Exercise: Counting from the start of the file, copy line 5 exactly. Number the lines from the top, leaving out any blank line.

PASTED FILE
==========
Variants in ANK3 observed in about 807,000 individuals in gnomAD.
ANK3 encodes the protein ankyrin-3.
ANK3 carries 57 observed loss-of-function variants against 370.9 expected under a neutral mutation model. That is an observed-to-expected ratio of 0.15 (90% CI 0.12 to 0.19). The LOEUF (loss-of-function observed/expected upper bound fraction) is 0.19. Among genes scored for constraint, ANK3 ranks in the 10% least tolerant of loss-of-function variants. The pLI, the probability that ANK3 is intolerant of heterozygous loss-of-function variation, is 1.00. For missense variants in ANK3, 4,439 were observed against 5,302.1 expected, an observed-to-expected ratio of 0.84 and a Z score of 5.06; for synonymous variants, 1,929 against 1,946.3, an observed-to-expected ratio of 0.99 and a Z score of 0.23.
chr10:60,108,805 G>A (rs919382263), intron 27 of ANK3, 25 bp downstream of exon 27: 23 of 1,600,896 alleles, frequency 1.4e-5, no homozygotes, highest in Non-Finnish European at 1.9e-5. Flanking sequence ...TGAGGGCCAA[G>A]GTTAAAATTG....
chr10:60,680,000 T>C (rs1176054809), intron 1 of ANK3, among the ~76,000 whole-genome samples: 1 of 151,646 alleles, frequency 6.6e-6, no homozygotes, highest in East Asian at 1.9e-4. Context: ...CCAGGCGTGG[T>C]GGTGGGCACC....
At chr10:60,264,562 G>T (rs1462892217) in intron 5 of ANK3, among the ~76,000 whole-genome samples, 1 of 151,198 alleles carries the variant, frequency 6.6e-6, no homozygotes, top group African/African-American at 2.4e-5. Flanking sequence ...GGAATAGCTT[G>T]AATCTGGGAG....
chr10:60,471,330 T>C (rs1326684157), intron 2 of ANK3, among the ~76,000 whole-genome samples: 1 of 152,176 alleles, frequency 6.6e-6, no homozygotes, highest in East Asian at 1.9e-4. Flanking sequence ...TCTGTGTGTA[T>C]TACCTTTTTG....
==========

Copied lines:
chr10:60,680,000 T>C (rs1176054809), intron 1 of ANK3, among the ~76,000 whole-genome samples: 1 of 151,646 alleles, frequency 6.6e-6, no homozygotes, highest in East Asian at 1.9e-4. Context: ...CCAGGCGTGG[T>C]GGTGGGCACC....